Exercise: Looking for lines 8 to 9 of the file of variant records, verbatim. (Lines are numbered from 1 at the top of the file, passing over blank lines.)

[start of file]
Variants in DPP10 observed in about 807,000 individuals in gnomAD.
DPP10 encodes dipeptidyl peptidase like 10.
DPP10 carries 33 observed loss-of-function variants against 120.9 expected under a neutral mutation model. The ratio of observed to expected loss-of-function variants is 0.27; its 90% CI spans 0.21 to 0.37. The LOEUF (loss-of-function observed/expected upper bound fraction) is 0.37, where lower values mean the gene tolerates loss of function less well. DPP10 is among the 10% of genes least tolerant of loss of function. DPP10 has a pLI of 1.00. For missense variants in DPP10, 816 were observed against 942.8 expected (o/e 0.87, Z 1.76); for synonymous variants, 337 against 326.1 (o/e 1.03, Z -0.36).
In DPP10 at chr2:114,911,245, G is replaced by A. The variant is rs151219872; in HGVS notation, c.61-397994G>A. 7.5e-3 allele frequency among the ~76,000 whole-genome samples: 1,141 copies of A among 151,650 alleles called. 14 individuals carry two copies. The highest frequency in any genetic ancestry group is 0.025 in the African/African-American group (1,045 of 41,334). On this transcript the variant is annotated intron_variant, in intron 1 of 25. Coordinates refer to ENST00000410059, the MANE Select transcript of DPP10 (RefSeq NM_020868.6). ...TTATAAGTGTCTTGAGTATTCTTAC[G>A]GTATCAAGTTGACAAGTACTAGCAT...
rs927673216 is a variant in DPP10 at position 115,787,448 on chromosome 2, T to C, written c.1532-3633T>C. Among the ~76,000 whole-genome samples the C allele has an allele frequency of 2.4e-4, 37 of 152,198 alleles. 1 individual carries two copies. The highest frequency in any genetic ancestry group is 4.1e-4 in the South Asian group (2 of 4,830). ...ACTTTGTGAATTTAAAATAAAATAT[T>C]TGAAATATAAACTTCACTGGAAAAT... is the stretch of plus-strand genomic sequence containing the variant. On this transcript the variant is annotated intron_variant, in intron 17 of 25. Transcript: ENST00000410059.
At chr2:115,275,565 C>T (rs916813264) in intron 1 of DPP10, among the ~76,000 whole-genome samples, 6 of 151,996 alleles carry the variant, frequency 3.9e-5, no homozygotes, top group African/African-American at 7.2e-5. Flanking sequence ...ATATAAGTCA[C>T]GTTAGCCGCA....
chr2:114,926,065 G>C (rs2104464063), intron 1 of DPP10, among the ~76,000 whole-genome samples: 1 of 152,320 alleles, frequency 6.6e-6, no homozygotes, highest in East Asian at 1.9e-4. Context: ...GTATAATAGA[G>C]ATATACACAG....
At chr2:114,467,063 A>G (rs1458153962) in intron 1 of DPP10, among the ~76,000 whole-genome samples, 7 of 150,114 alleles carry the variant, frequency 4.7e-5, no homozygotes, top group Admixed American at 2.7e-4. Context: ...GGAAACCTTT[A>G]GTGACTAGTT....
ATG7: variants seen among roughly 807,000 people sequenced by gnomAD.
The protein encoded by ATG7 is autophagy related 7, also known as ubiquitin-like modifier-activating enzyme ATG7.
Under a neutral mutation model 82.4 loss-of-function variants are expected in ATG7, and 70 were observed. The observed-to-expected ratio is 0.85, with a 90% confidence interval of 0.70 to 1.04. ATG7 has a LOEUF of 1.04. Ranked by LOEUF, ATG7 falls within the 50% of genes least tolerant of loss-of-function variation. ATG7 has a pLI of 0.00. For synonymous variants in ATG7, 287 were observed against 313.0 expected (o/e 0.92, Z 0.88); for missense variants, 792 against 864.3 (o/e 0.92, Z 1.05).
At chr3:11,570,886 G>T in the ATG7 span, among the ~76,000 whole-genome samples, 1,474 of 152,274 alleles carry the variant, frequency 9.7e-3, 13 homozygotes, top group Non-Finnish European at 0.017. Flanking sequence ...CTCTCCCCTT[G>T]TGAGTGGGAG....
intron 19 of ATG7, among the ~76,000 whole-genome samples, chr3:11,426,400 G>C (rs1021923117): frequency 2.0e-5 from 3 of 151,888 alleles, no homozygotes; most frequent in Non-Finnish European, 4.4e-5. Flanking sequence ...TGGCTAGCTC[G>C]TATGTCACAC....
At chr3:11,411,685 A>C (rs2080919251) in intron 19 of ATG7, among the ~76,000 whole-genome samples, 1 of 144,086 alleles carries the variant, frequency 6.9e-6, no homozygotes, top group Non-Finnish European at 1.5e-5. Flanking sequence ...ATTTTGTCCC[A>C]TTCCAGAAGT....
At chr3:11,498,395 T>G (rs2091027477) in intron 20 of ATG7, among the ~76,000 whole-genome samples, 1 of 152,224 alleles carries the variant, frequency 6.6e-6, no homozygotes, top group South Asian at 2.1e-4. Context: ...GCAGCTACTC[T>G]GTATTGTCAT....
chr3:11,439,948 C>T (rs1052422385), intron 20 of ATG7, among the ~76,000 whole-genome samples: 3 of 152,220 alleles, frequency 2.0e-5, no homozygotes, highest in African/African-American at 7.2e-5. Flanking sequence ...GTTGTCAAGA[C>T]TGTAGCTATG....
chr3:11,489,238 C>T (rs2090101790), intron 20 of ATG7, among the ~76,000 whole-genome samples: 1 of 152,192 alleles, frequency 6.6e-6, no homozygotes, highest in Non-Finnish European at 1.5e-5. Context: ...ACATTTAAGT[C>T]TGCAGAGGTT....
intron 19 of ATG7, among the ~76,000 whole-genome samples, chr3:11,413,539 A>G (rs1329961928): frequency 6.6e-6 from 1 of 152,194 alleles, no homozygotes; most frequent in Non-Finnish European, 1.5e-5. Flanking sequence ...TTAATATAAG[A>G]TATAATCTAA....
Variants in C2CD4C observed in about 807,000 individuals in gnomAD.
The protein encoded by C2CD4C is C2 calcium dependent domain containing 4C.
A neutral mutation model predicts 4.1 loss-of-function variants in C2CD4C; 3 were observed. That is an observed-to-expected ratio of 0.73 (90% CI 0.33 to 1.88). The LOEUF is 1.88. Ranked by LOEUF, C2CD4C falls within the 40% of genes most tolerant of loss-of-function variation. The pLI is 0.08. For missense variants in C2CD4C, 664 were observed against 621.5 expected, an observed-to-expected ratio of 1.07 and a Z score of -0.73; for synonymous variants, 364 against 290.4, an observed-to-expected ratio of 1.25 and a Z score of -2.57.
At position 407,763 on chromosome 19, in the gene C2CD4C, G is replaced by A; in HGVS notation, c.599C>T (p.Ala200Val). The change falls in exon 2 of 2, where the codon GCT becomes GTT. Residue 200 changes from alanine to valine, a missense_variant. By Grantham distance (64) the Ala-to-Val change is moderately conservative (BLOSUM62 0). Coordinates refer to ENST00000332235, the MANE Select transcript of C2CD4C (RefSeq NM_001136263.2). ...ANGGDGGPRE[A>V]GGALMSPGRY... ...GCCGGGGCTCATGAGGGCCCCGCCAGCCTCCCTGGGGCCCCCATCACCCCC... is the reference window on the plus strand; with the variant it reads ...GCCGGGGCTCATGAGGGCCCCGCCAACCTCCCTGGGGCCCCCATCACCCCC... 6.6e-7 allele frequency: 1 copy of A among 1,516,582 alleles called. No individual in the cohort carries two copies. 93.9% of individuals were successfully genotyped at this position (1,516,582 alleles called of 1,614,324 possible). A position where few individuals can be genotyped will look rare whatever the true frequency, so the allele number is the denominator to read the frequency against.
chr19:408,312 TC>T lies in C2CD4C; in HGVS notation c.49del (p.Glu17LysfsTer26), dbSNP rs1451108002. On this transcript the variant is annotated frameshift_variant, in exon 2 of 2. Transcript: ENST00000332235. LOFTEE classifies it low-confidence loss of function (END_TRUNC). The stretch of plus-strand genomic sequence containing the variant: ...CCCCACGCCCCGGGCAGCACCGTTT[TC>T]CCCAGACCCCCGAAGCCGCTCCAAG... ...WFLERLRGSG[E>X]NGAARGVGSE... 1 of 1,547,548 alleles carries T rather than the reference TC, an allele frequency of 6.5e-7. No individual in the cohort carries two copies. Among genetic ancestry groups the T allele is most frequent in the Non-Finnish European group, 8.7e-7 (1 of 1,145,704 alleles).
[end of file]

At chr2:114,467,063 A>G (rs1458153962) in intron 1 of DPP10, among the ~76,000 whole-genome samples, 7 of 150,114 alleles carry the variant, frequency 4.7e-5, no homozygotes, top group Admixed American at 2.7e-4. Context: ...GGAAACCTTT[A>G]GTGACTAGTT....
ATG7: variants seen among roughly 807,000 people sequenced by gnomAD.